President Trump on Wednesday vetoed a measure that would limit his authority to launch military strikes against Iran absent congressional approval — a long-expected move from the commander in chief that had been delayed due to the ongoing coronavirus pandemic.

The measure, chiefly sponsored by Sen. Tim Kaine (D-Va.), earned bipartisan support on Capitol Hill and came after Trump ordered a drone strike that killed top Iranian military commander Qasem Soleimani and an Iraqi militia leader in Baghdad. It first passed the Republican-controlled Senate on Feb. 13 on a vote of 55 to 45, and the Democratic-led House passed it, 227 to 186, on March 11.

In a formal statement released by the White House, Trump called the measure a “very insulting resolution” that Democrats introduced as a wedge issue to divide Republicans ahead of the November elections.

“The few Republicans who voted for it played right into their hands,” Trump said in the statement.

He asserted that the war powers resolution would also “greatly” damage his responsibility to protect the United States’s national security interests and said the strike that killed Soleimani was legal under existing authorizations for use of military force.

“We live in a hostile world of evolving threats, and the Constitution recognizes that the president must be able to anticipate our adversaries’ next moves and take swift and decisive action in response,” Trump said. “That’s what I did!”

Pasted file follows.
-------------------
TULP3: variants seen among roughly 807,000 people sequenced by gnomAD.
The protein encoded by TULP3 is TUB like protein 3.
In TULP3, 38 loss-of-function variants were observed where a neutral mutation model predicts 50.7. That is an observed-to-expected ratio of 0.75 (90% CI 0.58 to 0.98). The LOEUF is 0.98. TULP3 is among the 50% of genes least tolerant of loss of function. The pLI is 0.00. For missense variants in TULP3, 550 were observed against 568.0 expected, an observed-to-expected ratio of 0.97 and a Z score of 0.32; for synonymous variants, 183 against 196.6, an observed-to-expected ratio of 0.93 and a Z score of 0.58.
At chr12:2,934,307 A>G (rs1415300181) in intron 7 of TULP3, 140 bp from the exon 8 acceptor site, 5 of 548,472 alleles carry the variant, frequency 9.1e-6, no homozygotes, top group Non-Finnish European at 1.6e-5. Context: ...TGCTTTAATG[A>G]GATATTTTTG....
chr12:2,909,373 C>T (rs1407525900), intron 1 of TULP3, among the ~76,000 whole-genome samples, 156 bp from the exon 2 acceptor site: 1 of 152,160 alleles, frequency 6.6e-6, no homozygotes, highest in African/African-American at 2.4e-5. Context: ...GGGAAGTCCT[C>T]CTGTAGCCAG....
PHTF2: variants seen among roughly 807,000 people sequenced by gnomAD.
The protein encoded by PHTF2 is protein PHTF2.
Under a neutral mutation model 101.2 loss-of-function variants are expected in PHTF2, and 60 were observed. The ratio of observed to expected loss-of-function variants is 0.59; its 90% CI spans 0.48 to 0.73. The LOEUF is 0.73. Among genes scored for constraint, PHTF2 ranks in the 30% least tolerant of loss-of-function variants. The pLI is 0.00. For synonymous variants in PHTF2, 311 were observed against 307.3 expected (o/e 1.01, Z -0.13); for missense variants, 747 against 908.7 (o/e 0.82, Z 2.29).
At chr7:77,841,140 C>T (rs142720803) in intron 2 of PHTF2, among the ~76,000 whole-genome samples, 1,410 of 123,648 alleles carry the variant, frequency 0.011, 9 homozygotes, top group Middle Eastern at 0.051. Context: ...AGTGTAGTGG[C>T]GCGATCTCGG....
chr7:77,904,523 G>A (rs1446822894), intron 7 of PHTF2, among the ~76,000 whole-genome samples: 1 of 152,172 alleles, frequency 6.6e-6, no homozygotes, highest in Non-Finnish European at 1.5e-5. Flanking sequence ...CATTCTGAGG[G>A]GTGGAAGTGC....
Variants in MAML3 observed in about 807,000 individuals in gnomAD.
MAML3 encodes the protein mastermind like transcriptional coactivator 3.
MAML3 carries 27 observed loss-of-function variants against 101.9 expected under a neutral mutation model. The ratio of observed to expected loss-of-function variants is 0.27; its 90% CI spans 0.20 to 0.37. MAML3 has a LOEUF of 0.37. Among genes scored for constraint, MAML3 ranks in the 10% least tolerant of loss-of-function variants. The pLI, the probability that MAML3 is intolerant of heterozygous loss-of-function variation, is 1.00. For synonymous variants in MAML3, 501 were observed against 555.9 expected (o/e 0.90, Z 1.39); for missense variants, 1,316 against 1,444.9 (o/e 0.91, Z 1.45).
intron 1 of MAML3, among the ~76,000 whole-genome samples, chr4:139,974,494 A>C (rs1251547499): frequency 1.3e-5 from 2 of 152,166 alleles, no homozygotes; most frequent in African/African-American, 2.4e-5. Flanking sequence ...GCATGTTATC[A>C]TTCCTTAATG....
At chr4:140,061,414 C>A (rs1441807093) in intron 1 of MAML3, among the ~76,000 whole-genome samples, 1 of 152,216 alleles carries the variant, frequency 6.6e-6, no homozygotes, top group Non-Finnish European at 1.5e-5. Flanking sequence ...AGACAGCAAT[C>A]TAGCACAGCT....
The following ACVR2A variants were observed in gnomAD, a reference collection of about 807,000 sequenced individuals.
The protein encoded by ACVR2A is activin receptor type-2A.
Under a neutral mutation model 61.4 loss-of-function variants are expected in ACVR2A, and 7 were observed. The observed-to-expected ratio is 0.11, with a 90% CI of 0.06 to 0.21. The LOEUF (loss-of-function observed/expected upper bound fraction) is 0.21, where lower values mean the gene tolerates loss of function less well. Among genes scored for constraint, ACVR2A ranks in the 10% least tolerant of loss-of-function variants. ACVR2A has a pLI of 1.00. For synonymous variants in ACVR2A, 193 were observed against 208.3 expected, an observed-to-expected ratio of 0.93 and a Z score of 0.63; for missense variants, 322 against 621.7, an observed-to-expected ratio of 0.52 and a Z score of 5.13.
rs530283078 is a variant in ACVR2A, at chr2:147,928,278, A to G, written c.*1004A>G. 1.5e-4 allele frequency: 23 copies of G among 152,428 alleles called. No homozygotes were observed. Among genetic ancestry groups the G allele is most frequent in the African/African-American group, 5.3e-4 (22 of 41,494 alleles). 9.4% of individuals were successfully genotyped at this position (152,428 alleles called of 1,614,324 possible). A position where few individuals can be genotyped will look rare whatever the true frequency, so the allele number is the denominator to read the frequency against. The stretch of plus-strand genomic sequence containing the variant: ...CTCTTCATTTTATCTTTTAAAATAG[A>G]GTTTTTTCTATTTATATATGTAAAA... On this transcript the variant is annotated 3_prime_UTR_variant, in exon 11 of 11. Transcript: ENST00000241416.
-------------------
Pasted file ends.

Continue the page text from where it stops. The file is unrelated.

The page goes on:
Even during the height of the Iran debate earlier this year, few lawmakers expected the president would sign a measure into law that would considerably restrain his national security powers. But backers had hoped the bipartisan support for the Iran measure would send a message to the administration about Congress’s role in acts of war and begin to reassert lawmakers’ authority in such national security matters.

The Trump administration had given shifting explanations of the basis for the Jan. 3 strike that killed Soleimani, including that he had posed an imminent threat to U.S. personnel in the Middle East and that it was retaliation for an attack on an Iraqi base that killed a U.S. contractor.

Senate Majority Leader Mitch McConnell (R-Ky.) set up an override vote for 1:30 p.m. Thursday. That vote is almost certain not to meet the two-thirds threshold to successfully overturn a president’s veto. The Senate would move first on a vote since the legislation originated there.

Kaine, in a statement, urged his colleagues to vote to override the veto.

“Unless there’s a carefully reached consensus in Congress that war is necessary, we should not be sending our troops into harm’s way,” he said.

A president usually has 10 days to veto a bill from Congress, excluding Sundays. But the actual transmission of the congressional resolution to the White House was delayed for nearly two months as Congress left Washington due to the coronavirus pandemic, according to aides.